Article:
The King’s Law on Consideration
So…. I’ve been writing this blog now for a minute… now I’m placing up old posts, and some people are telling me that I have too much time on my hands…which I don’t believe to be possible… how can one ever have too much time?
- 1 .the system of those sequential relations that any event has to any other, as past, present, or future; indefinite and continuous duration regarded as that in which events succeed one another.
- 2 .a limited period or interval, as between two successive events
- 3. the right occasion or opportunity
There are 64 entries for a definition of “time” on dictionary.com; all of them consider time to be a finite concept.
Many theorists believe “time” is finite, having a beginning (that hasn’t been proven yet) and an end (which we continue to predict falsely). While many scientists continue to study the history of the world (the record of events over a period of time), and thus our historic calendar continues to prove that “time” goes back further than humans can measure or record, we are concurrently concerned about the “end of time.”
The uses of human resources, technology, brain and brawn have been applied to study and preservation of “time.” Time is viewed as a resource that cannot be gained but can certainly be lost. Time is the most valuable resource man has… with certainty we know that once we have no more “time” our lives are up. This is a result of our egocentrism… we can only measure time for as long as we live, and thus even though there is “time” before and after our existence, it is not a usable resource unless it is “time” that you own.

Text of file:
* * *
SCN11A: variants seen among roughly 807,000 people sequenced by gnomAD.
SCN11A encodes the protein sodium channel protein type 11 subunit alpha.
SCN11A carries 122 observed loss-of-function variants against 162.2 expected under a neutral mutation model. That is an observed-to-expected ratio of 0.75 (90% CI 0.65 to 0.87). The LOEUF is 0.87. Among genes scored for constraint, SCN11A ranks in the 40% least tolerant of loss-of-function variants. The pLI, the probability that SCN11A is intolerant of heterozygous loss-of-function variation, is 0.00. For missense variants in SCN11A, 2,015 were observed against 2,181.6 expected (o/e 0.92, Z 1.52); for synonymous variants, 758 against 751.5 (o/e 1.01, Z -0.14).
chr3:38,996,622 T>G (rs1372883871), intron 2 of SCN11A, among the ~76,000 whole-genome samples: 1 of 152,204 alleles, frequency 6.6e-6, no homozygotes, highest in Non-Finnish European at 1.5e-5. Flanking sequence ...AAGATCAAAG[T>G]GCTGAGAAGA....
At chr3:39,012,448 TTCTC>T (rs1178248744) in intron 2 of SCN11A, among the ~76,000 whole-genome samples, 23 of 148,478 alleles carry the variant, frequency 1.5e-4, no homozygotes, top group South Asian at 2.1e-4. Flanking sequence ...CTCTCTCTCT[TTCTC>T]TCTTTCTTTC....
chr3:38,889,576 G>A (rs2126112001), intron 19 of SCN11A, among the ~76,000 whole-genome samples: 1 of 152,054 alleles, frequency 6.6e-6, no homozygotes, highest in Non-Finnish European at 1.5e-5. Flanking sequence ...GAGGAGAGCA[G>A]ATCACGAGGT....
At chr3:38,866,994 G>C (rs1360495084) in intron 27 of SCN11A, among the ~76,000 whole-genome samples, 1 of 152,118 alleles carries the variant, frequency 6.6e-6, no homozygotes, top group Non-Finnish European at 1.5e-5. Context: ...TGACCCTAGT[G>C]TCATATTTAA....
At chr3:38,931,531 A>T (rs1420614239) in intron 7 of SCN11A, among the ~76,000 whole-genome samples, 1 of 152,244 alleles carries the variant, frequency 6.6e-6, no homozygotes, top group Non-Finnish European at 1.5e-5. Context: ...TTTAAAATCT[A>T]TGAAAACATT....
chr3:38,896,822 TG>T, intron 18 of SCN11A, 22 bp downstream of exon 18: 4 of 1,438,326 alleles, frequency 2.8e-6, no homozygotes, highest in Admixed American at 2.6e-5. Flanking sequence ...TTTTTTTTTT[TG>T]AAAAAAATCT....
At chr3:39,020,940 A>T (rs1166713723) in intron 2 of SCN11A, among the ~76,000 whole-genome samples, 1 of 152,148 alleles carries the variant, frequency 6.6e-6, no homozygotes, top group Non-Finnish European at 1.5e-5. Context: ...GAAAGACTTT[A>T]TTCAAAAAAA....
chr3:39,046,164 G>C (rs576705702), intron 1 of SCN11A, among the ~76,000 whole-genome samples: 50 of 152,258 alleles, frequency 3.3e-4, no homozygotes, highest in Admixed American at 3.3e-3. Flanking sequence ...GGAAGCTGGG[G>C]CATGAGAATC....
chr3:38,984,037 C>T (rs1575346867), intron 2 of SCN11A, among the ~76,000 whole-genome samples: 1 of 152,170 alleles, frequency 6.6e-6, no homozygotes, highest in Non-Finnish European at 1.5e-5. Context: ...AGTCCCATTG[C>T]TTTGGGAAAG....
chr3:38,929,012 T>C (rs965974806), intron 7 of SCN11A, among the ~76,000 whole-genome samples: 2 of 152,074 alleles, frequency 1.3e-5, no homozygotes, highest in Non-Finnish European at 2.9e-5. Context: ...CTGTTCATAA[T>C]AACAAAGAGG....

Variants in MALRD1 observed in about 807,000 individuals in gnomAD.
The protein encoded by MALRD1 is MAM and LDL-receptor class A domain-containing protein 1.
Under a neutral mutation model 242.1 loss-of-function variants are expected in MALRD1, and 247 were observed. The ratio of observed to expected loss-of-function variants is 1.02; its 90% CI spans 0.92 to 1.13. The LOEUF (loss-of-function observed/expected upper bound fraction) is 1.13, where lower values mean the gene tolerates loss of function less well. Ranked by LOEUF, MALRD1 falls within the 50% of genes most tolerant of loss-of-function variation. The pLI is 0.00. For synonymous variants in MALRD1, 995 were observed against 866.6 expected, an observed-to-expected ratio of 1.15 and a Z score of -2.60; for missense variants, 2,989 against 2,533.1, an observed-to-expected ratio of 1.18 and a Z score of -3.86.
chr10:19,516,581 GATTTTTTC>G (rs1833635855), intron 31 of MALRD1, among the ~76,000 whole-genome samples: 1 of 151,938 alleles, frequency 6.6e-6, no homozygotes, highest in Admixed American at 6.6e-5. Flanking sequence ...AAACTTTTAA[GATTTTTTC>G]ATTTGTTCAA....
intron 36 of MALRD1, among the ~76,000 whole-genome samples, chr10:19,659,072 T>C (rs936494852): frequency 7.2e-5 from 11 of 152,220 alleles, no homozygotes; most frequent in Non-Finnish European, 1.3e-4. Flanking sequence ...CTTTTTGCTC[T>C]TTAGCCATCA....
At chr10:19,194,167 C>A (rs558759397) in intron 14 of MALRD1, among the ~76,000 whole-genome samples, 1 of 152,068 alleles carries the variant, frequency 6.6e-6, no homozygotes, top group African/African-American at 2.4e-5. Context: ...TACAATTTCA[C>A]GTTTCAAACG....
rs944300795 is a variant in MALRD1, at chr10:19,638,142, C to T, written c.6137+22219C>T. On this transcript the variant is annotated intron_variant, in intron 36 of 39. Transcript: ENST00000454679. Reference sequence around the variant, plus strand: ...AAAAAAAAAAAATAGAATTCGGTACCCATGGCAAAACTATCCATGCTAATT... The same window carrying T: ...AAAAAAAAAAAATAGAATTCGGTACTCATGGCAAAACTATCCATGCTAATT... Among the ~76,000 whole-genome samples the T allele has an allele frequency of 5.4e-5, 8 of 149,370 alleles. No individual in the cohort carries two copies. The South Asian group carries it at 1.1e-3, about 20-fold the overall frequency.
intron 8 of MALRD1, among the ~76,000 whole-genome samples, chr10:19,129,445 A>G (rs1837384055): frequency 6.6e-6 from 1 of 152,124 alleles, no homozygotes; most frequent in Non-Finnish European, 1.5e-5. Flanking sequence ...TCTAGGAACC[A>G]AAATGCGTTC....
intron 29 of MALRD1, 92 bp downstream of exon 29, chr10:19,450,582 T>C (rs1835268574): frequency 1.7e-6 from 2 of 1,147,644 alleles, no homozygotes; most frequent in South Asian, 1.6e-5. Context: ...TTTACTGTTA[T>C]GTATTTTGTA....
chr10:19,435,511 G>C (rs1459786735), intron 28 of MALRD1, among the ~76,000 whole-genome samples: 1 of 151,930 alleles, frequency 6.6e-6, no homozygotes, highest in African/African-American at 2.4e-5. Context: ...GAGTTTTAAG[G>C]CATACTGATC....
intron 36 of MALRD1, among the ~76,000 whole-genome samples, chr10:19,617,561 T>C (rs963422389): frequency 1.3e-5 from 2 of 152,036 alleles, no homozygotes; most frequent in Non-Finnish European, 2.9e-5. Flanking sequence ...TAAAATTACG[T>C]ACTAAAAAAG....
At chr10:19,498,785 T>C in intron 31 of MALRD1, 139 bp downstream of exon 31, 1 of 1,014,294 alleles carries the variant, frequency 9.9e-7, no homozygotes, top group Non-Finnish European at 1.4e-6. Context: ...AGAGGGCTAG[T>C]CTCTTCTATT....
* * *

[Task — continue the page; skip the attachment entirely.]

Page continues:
Because everybody has a limited time to live, we attempt to make the most meaningful use of our time. Thus when giving time to something/somebody, you are sacrificing a resource, a portion of your existence, and ultimately your consideration.
Time is one of the most sensitive types of consideration to give… honesty, trust, faith: all of these are considerations that are replenished over time and can be given without fear that the supply will run scarce. However, without time these considerations cannot be restocked.
For example, let’s say you put trust in a friend… the friend betrays you… over time you learn to trust again and you offer that consideration to the next deserving person. But what if you didn’t have any time to give? What if the “limited interval” in which you were betrayed was the last of your entire “limited interval”?
We are born into this world… and by fate we are granted a specific amount of time to live. The issue is we don’t know how long we have. I may have 65 years to use, or I may only have 27 years. Essentially, the next day (or the next second) is not promised to us. Thus…
KING’S LAW: Time should be considered our most scarce resource and form of consideration because we never know how much time we have left.
This leads me to the point of today’s thought. If time is scarce, how is it that we can ever have “too much time on our hands”? We live lives of performative contradiction when we recognize our existence is temporary yet we carry on as if we have transcended “time”… as if we can’t die today.
With all of the goals and ambitions we create for ourselves, how many of them can be reach or attained today? Not many… yet we have still been able to justify bumming it, procrastinating, and simply wasting our time.
This is just another example of our lack of embracing our egocentrism and also proof that we are dishonest with ourselves. Don’t lie and say you have time tomorrow. Don’t omit and forget you could die today. Don’t euphemize and sugarcoat your acceptance of your unpredictable and ultimately untimely fate.
KING’S LAW: Be considerate to yourself and be honest: we are born to [eventually] die.
Everything else we do has a high probability of being meaningless to the rest of the world. BUT… if it matters to you, whatever “it” may be, then show it the consideration you think it deserves and give it your time. Otherwise, once you do consider yourself, you’ll regret how much time/consideration you have wasted.
Hopefully this blog isn’t a waste of mine…